Another wry romp in the author/illustrator’s alternate fairyland, where justice is served to recalcitrant half-pints.

Waeland (The Three Bears and Goldilocks, 2022) fractures a second familiar fairy tale in this graphically crisp, wordless project.

As the inverted title telegraphs, twists await. A gray-haired witch in owlish red spectacles bakes sweets, a black cat nearby. After a woodcutter and two children reach the forest, Gretel and Hansel wander after a scuttling fox; a robin swiftly consumes Gretel’s scattered baguette crumbs. Discovering the witch’s delectably edible cottage, the pair—eyes popping like candy pinwheels—commence gobbling it, licking lollipops and chomping slabs of cookie siding. The witch invites them inside, and their boots dry beside the woodstove’s crackling fire. The rowdy duo devour a cherry-topped Black Forest cake, candies, fruit, and more—leaving a messy wake that includes an overturned cauldron and cat dish. The witch exacts revenge: A lightning bolt from a star-tipped wand reaches the fleeing Hansel, who is turned into a frog. The woodcutter searches for and tearfully reunites with the children—though the trio seem relatively unbothered by Hansel’s species switch. Meanwhile, the witch and the sleek cat enjoy refreshments, including a cookie with a sly resemblance to Gretel. Flat color and simple, bold shapes yield easily decoded visuals in this quirky, humorous tale. The woodcutter and children have brown skin; Hansel and the woodcutter sport black hair, while Gretel’s tresses match the witch’s flax-colored skin. (This book was reviewed digitally.)

Another wry romp in the author/illustrator’s alternate fairyland, where justice is served to recalcitrant half-pints. (Picture book. 3-5)

Pub Date: May 16, 2023

ISBN: 9781459833821

Page Count: 64

Publisher: Orca

Review Posted Online: March 13, 2023

Kirkus Reviews Issue: April 1, 2023


From the Once Upon a World series

A nice but not requisite purchase.

A retelling of the classic fairy tale in board-book format and with a Mexican setting.

Though simplified for a younger audience, the text still relates the well-known tale: mean-spirited stepmother, spoiled stepsisters, overworked Cinderella, fairy godmother, glass slipper, charming prince, and, of course, happily-ever-after. What gives this book its flavor is the artwork. Within its Mexican setting, the characters are olive-skinned and dark-haired. Cultural references abound, as when a messenger comes carrying a banner announcing a “FIESTA” in beautiful papel picado. Cinderella is the picture of beauty, with her hair up in ribbons and flowers and her typically Mexican many-layered white dress. The companion volume, Snow White, set in Japan and illustrated by Misa Saburi, follows the same format. The simplified text tells the story of the beautiful princess sent to the forest by her wicked stepmother to be “done away with,” the dwarves that take her in, and, eventually, the happily-ever-after ending. Here too, what gives the book its flavor is the artwork. The characters wear traditional clothing, and the dwarves’ house has the requisite shoji screens, tatami mats and cherry blossoms in the garden. The puzzling question is, why the board-book presentation? Though the text is simplified, it’s still beyond the board-book audience, and the illustrations deserve full-size books.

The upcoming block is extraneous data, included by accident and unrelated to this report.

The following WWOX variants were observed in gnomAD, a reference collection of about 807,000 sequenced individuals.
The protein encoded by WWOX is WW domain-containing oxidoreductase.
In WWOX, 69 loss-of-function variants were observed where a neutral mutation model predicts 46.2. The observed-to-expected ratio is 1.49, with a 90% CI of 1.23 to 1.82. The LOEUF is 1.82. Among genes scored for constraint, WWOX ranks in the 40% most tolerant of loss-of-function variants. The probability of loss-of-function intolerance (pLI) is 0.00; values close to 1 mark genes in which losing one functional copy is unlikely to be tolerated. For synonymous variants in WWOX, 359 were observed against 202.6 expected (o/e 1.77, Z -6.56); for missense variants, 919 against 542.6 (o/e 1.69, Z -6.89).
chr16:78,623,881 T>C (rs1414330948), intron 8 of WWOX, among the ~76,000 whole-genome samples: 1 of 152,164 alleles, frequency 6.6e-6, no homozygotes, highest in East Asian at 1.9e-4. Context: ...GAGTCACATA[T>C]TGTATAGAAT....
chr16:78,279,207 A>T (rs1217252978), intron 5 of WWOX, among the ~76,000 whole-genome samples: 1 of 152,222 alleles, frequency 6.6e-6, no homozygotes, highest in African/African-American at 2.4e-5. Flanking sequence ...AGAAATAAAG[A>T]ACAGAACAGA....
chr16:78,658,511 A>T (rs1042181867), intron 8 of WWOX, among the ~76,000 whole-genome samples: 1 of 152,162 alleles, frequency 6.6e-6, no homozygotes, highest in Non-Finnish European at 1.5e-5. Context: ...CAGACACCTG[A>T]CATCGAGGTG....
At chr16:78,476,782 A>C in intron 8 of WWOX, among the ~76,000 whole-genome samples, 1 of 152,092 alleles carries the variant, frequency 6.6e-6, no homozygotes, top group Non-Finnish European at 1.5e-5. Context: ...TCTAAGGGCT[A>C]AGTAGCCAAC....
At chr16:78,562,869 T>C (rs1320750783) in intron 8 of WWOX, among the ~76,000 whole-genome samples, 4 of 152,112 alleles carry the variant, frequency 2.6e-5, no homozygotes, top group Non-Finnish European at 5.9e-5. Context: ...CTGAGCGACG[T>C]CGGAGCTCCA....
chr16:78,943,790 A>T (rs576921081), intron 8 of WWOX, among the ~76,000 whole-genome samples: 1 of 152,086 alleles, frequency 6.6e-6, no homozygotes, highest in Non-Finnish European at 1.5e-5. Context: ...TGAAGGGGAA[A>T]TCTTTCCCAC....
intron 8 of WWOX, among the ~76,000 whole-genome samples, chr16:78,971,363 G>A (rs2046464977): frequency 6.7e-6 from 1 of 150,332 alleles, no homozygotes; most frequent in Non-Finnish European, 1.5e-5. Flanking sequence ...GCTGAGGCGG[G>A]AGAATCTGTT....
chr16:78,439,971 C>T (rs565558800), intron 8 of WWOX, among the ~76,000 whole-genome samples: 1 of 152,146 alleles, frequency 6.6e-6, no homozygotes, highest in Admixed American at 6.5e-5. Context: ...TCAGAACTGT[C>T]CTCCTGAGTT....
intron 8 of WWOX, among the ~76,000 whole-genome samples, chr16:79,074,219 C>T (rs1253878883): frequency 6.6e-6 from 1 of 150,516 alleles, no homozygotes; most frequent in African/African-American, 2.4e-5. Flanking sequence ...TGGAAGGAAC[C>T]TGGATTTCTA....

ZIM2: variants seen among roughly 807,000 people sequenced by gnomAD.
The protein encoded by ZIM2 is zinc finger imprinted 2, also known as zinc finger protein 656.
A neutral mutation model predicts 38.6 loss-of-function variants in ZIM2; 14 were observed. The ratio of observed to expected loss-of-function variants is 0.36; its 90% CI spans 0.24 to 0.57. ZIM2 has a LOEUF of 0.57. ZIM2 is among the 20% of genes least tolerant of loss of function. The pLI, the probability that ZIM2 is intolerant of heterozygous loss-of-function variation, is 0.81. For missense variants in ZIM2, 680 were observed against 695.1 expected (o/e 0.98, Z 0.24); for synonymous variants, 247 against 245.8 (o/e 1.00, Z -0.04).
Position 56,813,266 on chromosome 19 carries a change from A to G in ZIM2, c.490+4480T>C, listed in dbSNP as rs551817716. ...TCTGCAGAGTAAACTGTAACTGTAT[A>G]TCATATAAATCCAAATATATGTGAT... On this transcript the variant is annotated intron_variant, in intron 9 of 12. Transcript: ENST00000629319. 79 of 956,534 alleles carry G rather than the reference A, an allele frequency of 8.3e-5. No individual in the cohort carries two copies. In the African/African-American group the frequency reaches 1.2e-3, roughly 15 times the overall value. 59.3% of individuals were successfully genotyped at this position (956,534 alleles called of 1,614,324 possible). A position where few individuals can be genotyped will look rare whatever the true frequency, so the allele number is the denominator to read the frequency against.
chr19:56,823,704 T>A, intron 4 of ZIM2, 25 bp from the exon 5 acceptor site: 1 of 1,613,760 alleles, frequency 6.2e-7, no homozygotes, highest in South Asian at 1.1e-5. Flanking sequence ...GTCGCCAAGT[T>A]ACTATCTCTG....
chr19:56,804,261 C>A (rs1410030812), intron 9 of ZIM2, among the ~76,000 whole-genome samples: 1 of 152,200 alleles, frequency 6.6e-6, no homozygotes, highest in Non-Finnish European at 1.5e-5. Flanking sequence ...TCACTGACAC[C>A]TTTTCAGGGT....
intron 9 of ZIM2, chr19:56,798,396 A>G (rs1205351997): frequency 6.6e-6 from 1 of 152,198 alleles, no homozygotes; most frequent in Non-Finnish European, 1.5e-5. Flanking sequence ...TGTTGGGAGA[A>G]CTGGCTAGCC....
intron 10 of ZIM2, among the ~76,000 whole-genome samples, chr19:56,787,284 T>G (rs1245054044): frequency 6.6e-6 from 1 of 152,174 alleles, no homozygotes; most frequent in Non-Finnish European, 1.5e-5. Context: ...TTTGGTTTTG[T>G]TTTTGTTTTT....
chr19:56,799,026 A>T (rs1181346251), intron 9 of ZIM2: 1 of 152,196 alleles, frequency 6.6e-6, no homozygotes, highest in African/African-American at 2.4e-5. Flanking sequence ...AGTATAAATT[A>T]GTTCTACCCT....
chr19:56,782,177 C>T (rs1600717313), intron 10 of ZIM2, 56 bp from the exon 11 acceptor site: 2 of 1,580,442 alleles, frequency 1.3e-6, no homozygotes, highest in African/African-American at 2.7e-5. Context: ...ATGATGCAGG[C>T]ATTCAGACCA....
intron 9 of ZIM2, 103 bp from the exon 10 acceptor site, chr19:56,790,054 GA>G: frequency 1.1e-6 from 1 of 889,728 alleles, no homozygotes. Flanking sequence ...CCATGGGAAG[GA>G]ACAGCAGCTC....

A nice but not requisite purchase. (Board book/fairy tale. 3-5)

Pub Date: Sept. 13, 2016

ISBN: 978-1-4814-7915-8

Page Count: 24

Publisher: Little Simon/Simon & Schuster

Review Posted Online: Oct. 11, 2016

Kirkus Reviews Issue: Jan. 1, 2017


Superheroes, and readers, will live happily-ever-after.

Why have fairy tales lasted so long? Maybe it’s because they change with every teller.

It takes surprisingly little effort to turn the Three Little Pigs into superheroes. The Big Bad Wolf basically started out as a supervillain, with the ability to blow a house down, and the pigs had to perform spectacular feats to outwit him. In this picture book, the wolf, locked in the Happily Never After tower, devises a plot to escape. Using rotten eggs and spicy ginger, he creates the Gingerbread Man, who makes his way to a baking contest where the three pigs and other fairy-tale characters are competing to win the key to the city. The Gingerbread Man grabs the key, and not even superhero pigs are fast enough to catch him, but with their secret weapon—mustard (which one of the pigs also uses to bake cookies)—they save the day. The morals: Evil never triumphs, and mustard cookies are delicious. The book’s charm is in the details. There are splotches of mustard on the cookies featured on the endpapers, and a sly-looking mouse is hiding on many of the pages. The story even manages to include more than a dozen fairy-tale figures without seeming frenzied. Evans’ use of shading is so skillful that it almost seems possible to reach out and touch the characters. Most of the human characters are light-skinned. (This book was reviewed digitally.)

Superheroes, and readers, will live happily-ever-after. (Picture book. 3-5)

Pub Date: Sept. 6, 2022

ISBN: 978-1-338-68221-2

Page Count: 40

Publisher: Scholastic

Review Posted Online: July 26, 2022

Kirkus Reviews Issue: Aug. 15, 2022

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